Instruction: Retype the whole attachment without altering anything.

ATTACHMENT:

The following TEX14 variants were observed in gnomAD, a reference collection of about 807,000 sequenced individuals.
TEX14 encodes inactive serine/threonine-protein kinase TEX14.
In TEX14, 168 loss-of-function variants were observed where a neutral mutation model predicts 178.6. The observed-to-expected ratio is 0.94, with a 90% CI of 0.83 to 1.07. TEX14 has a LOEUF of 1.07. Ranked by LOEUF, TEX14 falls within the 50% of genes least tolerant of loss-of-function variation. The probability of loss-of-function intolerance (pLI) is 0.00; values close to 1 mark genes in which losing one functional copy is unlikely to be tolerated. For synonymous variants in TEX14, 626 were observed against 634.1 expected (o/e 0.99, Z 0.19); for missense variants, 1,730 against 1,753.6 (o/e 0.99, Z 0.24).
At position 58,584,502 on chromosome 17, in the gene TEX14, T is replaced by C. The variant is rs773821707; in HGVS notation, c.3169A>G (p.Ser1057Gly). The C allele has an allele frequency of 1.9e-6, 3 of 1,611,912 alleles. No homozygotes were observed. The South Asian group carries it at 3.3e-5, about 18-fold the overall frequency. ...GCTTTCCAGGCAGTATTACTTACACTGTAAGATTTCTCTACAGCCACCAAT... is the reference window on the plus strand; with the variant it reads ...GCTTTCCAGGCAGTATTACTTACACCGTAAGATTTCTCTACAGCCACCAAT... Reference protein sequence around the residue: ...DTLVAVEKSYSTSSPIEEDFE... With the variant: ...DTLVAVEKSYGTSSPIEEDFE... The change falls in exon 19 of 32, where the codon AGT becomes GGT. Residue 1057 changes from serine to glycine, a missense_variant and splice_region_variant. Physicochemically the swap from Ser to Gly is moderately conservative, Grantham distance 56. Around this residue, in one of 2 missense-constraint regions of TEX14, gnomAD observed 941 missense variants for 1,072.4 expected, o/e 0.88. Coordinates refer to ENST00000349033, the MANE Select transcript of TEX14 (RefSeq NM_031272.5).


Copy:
The following TEX14 variants were observed in gnomAD, a reference collection of about 807,000 sequenced individuals.
TEX14 encodes inactive serine/threonine-protein kinase TEX14.
In TEX14, 168 loss-of-function variants were observed where a neutral mutation model predicts 178.6. The observed-to-expected ratio is 0.94, with a 90% CI of 0.83 to 1.07. TEX14 has a LOEUF of 1.07. Ranked by LOEUF, TEX14 falls within the 50% of genes least tolerant of loss-of-function variation. The probability of loss-of-function intolerance (pLI) is 0.00; values close to 1 mark genes in which losing one functional copy is unlikely to be tolerated. For synonymous variants in TEX14, 626 were observed against 634.1 expected (o/e 0.99, Z 0.19); for missense variants, 1,730 against 1,753.6 (o/e 0.99, Z 0.24).
At position 58,584,502 on chromosome 17, in the gene TEX14, T is replaced by C. The variant is rs773821707; in HGVS notation, c.3169A>G (p.Ser1057Gly). The C allele has an allele frequency of 1.9e-6, 3 of 1,611,912 alleles. No homozygotes were observed. The South Asian group carries it at 3.3e-5, about 18-fold the overall frequency. ...GCTTTCCAGGCAGTATTACTTACACTGTAAGATTTCTCTACAGCCACCAAT... is the reference window on the plus strand; with the variant it reads ...GCTTTCCAGGCAGTATTACTTACACCGTAAGATTTCTCTACAGCCACCAAT... Reference protein sequence around the residue: ...DTLVAVEKSYSTSSPIEEDFE... With the variant: ...DTLVAVEKSYGTSSPIEEDFE... The change falls in exon 19 of 32, where the codon AGT becomes GGT. Residue 1057 changes from serine to glycine, a missense_variant and splice_region_variant. Physicochemically the swap from Ser to Gly is moderately conservative, Grantham distance 56. Around this residue, in one of 2 missense-constraint regions of TEX14, gnomAD observed 941 missense variants for 1,072.4 expected, o/e 0.88. Coordinates refer to ENST00000349033, the MANE Select transcript of TEX14 (RefSeq NM_031272.5).